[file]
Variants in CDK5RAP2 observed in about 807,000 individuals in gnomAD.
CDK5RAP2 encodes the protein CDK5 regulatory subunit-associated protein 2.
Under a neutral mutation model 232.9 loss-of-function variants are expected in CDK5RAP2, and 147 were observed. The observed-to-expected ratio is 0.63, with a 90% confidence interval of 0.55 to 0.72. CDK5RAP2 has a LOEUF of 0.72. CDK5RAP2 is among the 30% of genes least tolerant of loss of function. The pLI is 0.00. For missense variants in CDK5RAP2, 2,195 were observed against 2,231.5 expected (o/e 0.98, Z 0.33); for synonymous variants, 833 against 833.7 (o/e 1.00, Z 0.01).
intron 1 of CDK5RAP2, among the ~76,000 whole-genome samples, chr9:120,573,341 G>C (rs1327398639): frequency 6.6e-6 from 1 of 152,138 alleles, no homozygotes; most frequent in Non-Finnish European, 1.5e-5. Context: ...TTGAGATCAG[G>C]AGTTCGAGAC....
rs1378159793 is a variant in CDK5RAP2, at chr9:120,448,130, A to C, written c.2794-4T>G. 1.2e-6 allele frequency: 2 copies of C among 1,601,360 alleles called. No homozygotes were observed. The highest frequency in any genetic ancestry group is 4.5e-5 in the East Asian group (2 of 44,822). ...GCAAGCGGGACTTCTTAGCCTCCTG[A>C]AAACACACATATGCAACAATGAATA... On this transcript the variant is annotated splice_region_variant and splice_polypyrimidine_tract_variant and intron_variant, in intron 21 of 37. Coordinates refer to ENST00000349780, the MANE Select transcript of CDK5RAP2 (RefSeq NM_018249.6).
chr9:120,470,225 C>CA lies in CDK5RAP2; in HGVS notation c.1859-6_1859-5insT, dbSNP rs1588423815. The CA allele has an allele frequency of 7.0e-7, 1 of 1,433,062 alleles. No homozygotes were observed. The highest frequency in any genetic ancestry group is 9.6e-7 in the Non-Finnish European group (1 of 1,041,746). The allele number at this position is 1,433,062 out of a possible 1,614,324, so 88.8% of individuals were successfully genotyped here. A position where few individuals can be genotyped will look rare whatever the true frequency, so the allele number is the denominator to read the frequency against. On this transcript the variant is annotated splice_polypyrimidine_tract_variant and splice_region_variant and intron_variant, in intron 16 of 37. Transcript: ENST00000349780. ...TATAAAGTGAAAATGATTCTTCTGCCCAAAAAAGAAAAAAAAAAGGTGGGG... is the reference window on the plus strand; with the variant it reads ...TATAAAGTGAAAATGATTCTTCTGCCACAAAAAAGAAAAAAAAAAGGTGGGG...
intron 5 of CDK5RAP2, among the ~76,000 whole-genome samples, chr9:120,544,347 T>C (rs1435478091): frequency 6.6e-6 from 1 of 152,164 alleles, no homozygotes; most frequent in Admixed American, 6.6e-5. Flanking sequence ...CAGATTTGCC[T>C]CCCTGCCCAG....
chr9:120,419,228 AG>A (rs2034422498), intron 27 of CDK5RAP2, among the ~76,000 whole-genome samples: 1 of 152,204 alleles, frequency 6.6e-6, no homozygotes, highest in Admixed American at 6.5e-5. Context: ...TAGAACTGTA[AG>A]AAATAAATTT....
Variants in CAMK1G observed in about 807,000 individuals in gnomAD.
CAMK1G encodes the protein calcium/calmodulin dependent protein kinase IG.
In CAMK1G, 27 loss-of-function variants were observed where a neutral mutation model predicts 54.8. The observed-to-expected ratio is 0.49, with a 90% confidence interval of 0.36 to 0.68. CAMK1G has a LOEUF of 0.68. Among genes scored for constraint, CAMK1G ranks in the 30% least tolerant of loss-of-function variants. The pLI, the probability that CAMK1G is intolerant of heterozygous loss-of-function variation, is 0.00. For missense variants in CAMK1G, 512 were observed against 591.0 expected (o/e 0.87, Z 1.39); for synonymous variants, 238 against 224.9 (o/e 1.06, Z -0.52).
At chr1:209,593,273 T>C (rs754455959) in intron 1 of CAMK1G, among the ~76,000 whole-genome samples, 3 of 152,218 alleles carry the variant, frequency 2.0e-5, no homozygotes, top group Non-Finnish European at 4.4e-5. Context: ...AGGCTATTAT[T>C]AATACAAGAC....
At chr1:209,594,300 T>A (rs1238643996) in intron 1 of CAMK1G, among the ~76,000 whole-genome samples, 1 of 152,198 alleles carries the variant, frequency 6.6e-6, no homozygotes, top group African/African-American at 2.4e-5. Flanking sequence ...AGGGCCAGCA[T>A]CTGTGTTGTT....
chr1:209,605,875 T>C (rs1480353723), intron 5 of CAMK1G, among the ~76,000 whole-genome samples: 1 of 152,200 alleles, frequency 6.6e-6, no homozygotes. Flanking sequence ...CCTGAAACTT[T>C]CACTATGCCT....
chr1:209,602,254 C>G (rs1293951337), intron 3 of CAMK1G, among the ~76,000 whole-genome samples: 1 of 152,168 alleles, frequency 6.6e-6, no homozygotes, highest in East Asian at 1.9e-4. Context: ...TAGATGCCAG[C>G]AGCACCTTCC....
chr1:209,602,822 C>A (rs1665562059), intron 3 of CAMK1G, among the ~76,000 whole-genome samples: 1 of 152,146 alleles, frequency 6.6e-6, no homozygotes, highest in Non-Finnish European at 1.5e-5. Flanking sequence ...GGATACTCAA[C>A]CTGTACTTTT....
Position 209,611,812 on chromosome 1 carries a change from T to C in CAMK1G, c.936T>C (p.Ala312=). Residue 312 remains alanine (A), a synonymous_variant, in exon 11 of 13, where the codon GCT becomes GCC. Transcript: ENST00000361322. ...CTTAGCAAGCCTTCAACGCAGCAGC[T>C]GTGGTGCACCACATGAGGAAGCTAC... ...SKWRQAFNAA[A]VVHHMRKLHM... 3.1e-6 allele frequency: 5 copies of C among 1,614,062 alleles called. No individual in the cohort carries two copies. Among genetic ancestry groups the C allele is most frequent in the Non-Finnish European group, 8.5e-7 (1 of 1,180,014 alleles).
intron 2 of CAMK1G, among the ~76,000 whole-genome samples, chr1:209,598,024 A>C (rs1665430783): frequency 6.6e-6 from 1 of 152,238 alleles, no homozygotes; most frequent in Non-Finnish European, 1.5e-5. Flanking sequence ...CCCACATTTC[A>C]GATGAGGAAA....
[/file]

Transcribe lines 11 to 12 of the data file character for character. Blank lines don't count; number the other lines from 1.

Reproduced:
In CAMK1G, 27 loss-of-function variants were observed where a neutral mutation model predicts 54.8. The observed-to-expected ratio is 0.49, with a 90% confidence interval of 0.36 to 0.68. CAMK1G has a LOEUF of 0.68. Among genes scored for constraint, CAMK1G ranks in the 30% least tolerant of loss-of-function variants. The pLI, the probability that CAMK1G is intolerant of heterozygous loss-of-function variation, is 0.00. For missense variants in CAMK1G, 512 were observed against 591.0 expected (o/e 0.87, Z 1.39); for synonymous variants, 238 against 224.9 (o/e 1.06, Z -0.52).
At chr1:209,593,273 T>C (rs754455959) in intron 1 of CAMK1G, among the ~76,000 whole-genome samples, 3 of 152,218 alleles carry the variant, frequency 2.0e-5, no homozygotes, top group Non-Finnish European at 4.4e-5. Context: ...AGGCTATTAT[T>C]AATACAAGAC....